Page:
The law also states that gas concentrations must be kept within limits which do not harm pigs; however excreta is not regularly cleaned from pens and slatted dunging areas are often blocked, thus posing a hazard in terms of hygiene and welfare.
2. The law states that pigs must not be kept permanently in darkness. We are concerned that pigs in those buildings with no natural lighting are kept in permanent darkness. Video footage (building 1 in both video 1 and video 2 and building 2 in video 1) shows that these units are very dark during daylight hours.
3. Video 1 shows live parts of electrics to be exposed, posing a health and safety risk. An open fuse box is shown in this video and investigators witnessed loose hanging wires throughout the units.
4. Video 2 shows sick/injured animals housed with the main herd. By law, sick or injured pigs should be housed separately in comfortable conditions.
5. The law states that pigs should have a clean space in which to rest. Newham Farm clearly does not provide clean lying areas in many of the pens.
In video 1, building 2, no pigs were seen to have a clean lying area and all pens were filthy in the extreme. (Other examples are included in point 6 below.)
6. The 1994 Regulations state that housing pens, pens and equipment used for pigs must be properly cleansed and disinfected to prevent cross-infection and the build-up of disease-carrying organisms and faeces and urine must be removed as often as necessary to minimise smell and avoid attracting flies or rodents.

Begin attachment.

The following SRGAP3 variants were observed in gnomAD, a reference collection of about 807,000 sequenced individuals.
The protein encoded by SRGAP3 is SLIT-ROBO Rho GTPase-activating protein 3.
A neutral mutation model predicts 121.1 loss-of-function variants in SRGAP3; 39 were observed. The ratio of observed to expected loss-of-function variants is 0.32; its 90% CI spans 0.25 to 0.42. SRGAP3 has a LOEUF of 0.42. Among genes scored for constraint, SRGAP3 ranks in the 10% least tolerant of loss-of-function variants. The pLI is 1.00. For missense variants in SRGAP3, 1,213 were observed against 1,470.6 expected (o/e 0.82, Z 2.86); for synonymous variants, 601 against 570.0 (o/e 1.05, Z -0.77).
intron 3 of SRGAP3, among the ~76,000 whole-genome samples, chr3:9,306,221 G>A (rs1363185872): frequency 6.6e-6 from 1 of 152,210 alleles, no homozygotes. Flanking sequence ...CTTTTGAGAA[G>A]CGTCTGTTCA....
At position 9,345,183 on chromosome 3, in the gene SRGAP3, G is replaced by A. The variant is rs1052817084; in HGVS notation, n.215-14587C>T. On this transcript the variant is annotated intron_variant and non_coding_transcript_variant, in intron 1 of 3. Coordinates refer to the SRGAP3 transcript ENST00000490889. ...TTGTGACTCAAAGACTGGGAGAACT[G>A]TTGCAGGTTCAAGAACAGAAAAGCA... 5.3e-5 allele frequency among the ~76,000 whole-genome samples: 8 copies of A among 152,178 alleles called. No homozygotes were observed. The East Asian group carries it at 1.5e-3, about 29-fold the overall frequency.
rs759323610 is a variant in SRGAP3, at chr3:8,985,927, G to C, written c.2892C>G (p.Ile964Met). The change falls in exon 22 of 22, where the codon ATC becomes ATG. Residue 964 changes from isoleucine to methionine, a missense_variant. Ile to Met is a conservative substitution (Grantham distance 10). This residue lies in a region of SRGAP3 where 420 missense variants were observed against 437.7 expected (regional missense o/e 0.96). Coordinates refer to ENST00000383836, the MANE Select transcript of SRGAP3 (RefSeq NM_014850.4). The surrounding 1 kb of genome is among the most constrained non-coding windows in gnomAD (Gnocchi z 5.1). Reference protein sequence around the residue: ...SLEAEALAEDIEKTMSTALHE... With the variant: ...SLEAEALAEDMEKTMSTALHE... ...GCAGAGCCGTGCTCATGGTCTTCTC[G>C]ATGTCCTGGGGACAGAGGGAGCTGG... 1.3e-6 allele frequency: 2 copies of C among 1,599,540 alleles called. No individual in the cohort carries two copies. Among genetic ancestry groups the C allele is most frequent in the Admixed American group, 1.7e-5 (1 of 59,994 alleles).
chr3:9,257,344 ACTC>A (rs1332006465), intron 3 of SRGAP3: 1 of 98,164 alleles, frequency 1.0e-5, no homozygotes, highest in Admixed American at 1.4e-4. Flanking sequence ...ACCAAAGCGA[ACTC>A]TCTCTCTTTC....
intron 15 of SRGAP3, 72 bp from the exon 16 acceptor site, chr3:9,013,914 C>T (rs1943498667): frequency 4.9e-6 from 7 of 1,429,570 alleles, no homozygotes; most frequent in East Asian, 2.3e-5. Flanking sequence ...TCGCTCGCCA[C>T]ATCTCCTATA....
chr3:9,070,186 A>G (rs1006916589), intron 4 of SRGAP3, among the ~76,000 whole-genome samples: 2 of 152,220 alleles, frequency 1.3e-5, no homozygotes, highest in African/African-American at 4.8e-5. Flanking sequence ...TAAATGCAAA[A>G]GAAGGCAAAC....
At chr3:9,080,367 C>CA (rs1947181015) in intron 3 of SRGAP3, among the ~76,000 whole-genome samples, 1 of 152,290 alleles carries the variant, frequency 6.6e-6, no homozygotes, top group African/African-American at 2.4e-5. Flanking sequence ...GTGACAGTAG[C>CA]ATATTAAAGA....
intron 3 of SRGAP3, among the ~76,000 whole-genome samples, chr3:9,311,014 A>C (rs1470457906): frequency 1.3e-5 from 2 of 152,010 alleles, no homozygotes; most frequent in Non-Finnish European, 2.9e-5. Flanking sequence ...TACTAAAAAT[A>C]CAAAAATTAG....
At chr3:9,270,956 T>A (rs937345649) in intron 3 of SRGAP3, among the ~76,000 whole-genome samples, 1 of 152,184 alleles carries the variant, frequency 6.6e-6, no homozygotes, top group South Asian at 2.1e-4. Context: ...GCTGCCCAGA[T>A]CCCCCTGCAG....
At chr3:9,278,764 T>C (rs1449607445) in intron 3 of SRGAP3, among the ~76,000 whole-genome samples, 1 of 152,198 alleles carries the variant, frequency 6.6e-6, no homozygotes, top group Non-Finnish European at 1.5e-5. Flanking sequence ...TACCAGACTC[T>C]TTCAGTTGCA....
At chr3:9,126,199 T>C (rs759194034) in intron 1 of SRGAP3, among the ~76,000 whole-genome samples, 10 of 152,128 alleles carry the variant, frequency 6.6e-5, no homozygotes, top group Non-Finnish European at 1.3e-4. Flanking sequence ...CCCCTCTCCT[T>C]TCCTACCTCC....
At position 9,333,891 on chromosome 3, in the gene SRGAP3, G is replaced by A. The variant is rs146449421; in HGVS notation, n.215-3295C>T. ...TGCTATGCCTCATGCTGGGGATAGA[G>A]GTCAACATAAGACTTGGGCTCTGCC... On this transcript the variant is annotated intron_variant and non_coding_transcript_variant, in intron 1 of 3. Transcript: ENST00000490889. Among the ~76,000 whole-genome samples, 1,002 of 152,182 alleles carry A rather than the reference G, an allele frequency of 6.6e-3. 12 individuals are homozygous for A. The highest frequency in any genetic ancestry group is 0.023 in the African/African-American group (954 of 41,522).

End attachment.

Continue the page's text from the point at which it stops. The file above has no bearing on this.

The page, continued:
Newham Farm breaches these regulations in every building seen. In video 1 (building 2) the unit has a narrow gangway between pens. The gangway is several inches deep in water and dirt (footage shows the investigators feet sloshing around). The pens are also filthy: the floors are inches deep in urine and faeces and some are flooded with water. They contain no bedding material. Old bits of straw can be seen on the outside of pens but the straw has not been replaced and the pens not cleaned in several weeks or more. The walls and ceiling are unbelievably dirty and cobwebs cover every inch of space.
Video 2, building 1 also clearly shows that Newham Farm is breaking the law in terms of providing clean housing and lying areas. Footage shows that the ceiling is extremely filthy - hanging in dirt and cobwebs. Dust levels are very high. The concrete walls of the pens (housing groups of fattening pigs) are filthy. The pigs are covered in urine and faeces and not provided with any bedding material.
The weaners’ lying areas on the area below (area 1 of building 1) are also covered in dirt, faeces and urine. Their dunging area is blocked in most pens and so excreta is not draining away. These piglets are also given no straw or any other bedding.
The gangway on the upper floor (area 2 of building 1) is deep in grime.
In the pens with the open sow stalls (video 2, building 1, area 3), the pigs are on dirty concrete floors, with no bedding and covered in faeces.